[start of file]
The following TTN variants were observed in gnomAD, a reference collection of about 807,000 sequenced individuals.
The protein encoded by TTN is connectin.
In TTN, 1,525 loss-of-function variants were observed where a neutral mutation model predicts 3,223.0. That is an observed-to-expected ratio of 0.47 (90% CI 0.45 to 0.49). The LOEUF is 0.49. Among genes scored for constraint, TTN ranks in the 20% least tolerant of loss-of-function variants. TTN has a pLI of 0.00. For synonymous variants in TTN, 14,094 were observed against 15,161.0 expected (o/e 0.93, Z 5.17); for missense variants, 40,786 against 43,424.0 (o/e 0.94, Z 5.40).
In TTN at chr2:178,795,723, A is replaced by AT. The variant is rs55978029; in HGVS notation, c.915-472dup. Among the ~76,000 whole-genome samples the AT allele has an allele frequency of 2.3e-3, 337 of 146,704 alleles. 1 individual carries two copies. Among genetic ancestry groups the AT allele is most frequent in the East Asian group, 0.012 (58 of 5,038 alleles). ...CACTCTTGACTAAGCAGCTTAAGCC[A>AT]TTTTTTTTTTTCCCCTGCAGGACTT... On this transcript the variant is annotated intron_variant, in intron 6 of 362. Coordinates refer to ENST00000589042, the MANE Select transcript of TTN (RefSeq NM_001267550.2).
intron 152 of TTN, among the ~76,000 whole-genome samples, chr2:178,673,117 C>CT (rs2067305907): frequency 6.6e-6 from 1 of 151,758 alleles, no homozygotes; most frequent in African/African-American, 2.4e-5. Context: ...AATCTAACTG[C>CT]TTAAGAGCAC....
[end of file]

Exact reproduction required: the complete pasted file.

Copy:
The following TTN variants were observed in gnomAD, a reference collection of about 807,000 sequenced individuals.
The protein encoded by TTN is connectin.
In TTN, 1,525 loss-of-function variants were observed where a neutral mutation model predicts 3,223.0. That is an observed-to-expected ratio of 0.47 (90% CI 0.45 to 0.49). The LOEUF is 0.49. Among genes scored for constraint, TTN ranks in the 20% least tolerant of loss-of-function variants. TTN has a pLI of 0.00. For synonymous variants in TTN, 14,094 were observed against 15,161.0 expected (o/e 0.93, Z 5.17); for missense variants, 40,786 against 43,424.0 (o/e 0.94, Z 5.40).
In TTN at chr2:178,795,723, A is replaced by AT. The variant is rs55978029; in HGVS notation, c.915-472dup. Among the ~76,000 whole-genome samples the AT allele has an allele frequency of 2.3e-3, 337 of 146,704 alleles. 1 individual carries two copies. Among genetic ancestry groups the AT allele is most frequent in the East Asian group, 0.012 (58 of 5,038 alleles). ...CACTCTTGACTAAGCAGCTTAAGCC[A>AT]TTTTTTTTTTTCCCCTGCAGGACTT... On this transcript the variant is annotated intron_variant, in intron 6 of 362. Coordinates refer to ENST00000589042, the MANE Select transcript of TTN (RefSeq NM_001267550.2).
intron 152 of TTN, among the ~76,000 whole-genome samples, chr2:178,673,117 C>CT (rs2067305907): frequency 6.6e-6 from 1 of 151,758 alleles, no homozygotes; most frequent in African/African-American, 2.4e-5. Context: ...AATCTAACTG[C>CT]TTAAGAGCAC....